Burket, J., Eubank, T., Reed, C., Sanders, J. Shippensburg University, Shippensburg, PA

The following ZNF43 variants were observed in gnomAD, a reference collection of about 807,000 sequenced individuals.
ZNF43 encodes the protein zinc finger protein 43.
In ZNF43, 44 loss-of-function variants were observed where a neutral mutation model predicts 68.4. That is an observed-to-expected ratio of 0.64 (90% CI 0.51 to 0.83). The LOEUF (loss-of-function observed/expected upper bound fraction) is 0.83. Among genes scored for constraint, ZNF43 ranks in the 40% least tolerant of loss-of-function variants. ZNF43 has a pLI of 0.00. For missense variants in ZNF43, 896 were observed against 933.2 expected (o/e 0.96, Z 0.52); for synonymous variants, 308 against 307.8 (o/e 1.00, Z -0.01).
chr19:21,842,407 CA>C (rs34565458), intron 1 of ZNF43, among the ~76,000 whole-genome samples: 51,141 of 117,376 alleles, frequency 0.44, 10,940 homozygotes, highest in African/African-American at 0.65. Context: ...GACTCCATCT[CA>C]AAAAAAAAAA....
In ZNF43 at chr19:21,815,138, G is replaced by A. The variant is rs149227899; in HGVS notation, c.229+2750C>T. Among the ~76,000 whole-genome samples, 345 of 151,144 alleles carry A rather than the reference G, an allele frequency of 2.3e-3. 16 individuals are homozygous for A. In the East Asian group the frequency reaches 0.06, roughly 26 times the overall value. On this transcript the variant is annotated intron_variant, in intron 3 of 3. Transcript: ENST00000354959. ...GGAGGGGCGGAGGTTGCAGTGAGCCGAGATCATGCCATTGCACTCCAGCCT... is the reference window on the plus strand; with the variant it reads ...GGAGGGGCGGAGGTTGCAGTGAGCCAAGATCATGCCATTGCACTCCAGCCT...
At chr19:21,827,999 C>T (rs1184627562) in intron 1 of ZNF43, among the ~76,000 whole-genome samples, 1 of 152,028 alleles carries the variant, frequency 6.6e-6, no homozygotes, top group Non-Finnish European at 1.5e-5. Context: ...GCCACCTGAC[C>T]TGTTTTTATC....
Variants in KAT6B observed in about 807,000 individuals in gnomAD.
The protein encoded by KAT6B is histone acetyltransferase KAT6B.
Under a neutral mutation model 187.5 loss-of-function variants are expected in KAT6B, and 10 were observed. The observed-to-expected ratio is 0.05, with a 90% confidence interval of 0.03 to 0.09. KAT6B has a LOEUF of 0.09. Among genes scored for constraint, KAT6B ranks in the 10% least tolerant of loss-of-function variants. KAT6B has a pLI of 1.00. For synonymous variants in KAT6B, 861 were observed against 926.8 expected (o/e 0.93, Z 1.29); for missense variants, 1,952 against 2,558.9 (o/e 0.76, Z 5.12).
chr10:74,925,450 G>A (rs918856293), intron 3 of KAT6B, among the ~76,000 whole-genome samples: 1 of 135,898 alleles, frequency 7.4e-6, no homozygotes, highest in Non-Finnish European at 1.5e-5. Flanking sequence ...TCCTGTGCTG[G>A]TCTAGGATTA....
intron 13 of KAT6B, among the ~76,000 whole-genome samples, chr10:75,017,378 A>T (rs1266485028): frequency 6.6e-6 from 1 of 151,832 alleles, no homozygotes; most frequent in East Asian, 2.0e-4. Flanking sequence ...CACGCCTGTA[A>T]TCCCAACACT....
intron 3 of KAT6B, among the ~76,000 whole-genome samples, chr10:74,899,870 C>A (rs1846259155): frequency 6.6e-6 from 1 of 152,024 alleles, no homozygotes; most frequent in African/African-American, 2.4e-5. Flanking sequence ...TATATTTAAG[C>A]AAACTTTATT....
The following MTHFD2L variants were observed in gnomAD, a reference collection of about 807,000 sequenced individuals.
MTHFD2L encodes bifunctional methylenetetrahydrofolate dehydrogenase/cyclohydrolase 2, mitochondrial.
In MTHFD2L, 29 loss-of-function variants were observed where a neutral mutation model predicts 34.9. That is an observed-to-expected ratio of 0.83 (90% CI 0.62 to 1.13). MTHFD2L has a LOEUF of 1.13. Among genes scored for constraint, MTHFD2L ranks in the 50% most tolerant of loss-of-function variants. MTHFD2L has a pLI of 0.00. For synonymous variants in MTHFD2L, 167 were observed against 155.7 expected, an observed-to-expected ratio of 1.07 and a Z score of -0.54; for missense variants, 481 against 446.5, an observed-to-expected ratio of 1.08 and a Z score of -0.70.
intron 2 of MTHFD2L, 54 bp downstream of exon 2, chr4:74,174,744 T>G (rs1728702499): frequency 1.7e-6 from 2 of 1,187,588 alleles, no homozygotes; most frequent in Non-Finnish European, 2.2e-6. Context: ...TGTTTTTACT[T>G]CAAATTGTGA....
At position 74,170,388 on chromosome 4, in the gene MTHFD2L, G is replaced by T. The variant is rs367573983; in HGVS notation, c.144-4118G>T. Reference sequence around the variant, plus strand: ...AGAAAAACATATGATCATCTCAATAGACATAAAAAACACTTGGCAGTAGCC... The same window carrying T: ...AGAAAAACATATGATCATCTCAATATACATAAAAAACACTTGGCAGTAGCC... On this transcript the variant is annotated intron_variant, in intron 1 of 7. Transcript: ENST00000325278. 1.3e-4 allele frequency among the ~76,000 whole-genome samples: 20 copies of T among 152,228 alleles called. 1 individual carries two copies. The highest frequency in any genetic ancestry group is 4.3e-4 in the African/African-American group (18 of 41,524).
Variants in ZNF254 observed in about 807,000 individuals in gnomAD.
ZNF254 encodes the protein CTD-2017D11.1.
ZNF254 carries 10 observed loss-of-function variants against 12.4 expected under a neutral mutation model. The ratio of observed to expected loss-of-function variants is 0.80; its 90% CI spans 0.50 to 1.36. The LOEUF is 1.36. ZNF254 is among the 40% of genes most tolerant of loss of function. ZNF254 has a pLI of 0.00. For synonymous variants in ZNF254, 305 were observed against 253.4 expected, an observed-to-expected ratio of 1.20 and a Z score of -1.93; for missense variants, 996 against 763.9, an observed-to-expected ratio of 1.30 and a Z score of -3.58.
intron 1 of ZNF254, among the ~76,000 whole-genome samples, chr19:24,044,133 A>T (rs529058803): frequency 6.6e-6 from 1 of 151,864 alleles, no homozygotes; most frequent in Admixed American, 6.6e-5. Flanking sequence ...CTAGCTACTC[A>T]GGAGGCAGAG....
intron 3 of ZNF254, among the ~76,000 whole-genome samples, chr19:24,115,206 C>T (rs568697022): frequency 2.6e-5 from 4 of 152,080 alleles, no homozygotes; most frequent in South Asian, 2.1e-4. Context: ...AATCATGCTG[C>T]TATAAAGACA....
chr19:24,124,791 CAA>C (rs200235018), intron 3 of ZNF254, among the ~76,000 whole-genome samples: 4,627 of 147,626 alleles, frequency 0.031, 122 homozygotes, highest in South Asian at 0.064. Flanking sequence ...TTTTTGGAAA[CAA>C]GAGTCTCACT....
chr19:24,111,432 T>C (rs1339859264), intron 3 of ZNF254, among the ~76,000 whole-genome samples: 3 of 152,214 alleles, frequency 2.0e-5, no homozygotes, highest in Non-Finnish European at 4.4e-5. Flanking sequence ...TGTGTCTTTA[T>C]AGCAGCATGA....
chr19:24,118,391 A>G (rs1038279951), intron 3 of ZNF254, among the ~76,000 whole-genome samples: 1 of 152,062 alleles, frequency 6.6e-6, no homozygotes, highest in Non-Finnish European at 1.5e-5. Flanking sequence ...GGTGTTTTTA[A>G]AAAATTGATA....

Purpose: The purpose of this study was to determine whether music tempo affects squat performance. Methods: A total of eleven healthy college aged subjects (Age range: 18 ~ 22 yrs, Weight: 81.4±12.0 kg, Height: 1.7±0.1 m) volunteered in the study and eight subjects (one female and seven males) completed the study. After obtaining baseline measures, subjects performed heavy barbell squat exercise under three conditions. The three conditions were to perform the squat exercise with load equal to 60% of their body weight until failure while listening to fast tempo (200 bpm), slow tempo (60 bpm) and no music. The order of the trial was randomized and each trial was separated by a minimum of 7 days. Using descriptive statistics and one-way analysis of variance, data were analyzed to compare the difference in performance under three conditions. Results: Compared to fast music and no music condition, subjects performed more repetition of squat under slow music condition (34.8±29.6 vs. 33.5±22.7 vs. 35.1± 37.0 reps). However, the difference was not significant (p>0.05). Although not significant, subjects reported higher rate of perceived exertion (RPE) under slow music condition while exercise heart rate and systolic blood pressure were reported to be lower with slow music condition. Conclusion: The results of the study indicate that music tempo has no significant influence on heavy squat exercise performance or cardiovascular measures during exercise. Future studies are needed to further examine possible effect of music tempo when using a larger variation.



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